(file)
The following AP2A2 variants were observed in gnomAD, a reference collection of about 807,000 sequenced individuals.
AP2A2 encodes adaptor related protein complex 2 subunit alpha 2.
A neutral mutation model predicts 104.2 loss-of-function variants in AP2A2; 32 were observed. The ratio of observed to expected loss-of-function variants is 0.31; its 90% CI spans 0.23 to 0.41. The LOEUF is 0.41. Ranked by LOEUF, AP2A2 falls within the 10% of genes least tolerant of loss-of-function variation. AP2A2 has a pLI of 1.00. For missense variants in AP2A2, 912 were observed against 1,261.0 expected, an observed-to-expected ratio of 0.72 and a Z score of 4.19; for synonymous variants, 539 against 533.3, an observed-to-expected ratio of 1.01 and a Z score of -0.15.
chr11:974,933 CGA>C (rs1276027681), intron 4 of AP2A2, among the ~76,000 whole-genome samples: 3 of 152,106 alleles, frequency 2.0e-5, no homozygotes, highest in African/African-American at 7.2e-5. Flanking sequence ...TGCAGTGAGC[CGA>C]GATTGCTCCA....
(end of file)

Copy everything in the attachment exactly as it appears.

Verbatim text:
The following AP2A2 variants were observed in gnomAD, a reference collection of about 807,000 sequenced individuals.
AP2A2 encodes adaptor related protein complex 2 subunit alpha 2.
A neutral mutation model predicts 104.2 loss-of-function variants in AP2A2; 32 were observed. The ratio of observed to expected loss-of-function variants is 0.31; its 90% CI spans 0.23 to 0.41. The LOEUF is 0.41. Ranked by LOEUF, AP2A2 falls within the 10% of genes least tolerant of loss-of-function variation. AP2A2 has a pLI of 1.00. For missense variants in AP2A2, 912 were observed against 1,261.0 expected, an observed-to-expected ratio of 0.72 and a Z score of 4.19; for synonymous variants, 539 against 533.3, an observed-to-expected ratio of 1.01 and a Z score of -0.15.
chr11:974,933 CGA>C (rs1276027681), intron 4 of AP2A2, among the ~76,000 whole-genome samples: 3 of 152,106 alleles, frequency 2.0e-5, no homozygotes, highest in African/African-American at 7.2e-5. Flanking sequence ...TGCAGTGAGC[CGA>C]GATTGCTCCA....